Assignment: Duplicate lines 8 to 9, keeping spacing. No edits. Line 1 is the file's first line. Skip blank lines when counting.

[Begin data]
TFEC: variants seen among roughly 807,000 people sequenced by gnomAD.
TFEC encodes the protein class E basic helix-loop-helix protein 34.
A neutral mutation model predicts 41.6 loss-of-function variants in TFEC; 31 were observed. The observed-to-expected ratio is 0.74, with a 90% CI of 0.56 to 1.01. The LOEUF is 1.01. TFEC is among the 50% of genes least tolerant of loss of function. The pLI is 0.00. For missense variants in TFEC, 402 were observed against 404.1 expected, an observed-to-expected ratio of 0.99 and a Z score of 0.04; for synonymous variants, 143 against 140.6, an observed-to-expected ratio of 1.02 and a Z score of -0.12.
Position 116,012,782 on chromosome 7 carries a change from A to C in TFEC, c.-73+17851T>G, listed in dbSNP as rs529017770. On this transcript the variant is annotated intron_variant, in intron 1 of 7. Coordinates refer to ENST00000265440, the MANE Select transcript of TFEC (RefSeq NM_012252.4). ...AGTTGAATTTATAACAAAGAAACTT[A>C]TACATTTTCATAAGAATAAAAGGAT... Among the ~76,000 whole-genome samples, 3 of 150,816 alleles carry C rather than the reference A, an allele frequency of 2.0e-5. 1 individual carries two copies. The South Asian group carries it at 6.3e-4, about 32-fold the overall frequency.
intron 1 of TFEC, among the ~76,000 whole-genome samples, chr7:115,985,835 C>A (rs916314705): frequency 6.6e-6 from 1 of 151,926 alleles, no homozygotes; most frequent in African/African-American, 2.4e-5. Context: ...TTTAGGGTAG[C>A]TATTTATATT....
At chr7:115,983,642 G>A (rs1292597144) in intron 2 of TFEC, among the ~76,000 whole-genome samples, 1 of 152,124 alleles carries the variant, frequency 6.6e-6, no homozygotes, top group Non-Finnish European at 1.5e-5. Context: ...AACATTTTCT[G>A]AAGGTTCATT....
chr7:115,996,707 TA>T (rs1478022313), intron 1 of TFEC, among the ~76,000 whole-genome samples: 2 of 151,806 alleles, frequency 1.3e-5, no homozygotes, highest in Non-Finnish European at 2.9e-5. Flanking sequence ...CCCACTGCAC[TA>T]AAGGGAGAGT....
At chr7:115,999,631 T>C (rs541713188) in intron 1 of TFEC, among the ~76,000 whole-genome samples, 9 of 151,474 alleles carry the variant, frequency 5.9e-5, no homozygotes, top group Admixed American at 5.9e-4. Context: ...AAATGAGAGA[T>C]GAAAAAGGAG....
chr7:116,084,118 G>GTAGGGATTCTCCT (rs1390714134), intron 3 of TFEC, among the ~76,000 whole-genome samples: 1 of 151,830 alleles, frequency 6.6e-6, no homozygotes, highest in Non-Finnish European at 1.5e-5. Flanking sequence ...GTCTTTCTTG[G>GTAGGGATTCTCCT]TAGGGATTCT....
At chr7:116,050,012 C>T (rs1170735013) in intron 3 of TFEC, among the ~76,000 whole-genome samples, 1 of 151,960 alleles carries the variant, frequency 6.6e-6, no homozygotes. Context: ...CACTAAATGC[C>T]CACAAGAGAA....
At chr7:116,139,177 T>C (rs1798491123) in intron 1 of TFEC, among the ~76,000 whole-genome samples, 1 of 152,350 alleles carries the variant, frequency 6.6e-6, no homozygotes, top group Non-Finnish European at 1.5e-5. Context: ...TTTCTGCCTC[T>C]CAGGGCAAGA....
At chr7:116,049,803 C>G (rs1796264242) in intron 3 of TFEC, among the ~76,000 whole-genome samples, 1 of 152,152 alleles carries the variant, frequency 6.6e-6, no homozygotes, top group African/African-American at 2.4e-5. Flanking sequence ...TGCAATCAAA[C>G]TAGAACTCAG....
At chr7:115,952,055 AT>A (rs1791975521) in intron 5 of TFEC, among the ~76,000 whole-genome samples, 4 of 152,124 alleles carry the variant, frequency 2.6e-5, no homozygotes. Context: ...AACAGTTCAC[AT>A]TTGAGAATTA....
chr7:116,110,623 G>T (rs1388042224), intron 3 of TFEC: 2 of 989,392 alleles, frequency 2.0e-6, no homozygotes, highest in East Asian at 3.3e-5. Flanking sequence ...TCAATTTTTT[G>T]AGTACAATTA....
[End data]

At chr7:115,999,631 T>C (rs541713188) in intron 1 of TFEC, among the ~76,000 whole-genome samples, 9 of 151,474 alleles carry the variant, frequency 5.9e-5, no homozygotes, top group Admixed American at 5.9e-4. Context: ...AAATGAGAGA[T>C]GAAAAAGGAG....
chr7:116,084,118 G>GTAGGGATTCTCCT (rs1390714134), intron 3 of TFEC, among the ~76,000 whole-genome samples: 1 of 151,830 alleles, frequency 6.6e-6, no homozygotes, highest in Non-Finnish European at 1.5e-5. Flanking sequence ...GTCTTTCTTG[G>GTAGGGATTCTCCT]TAGGGATTCT....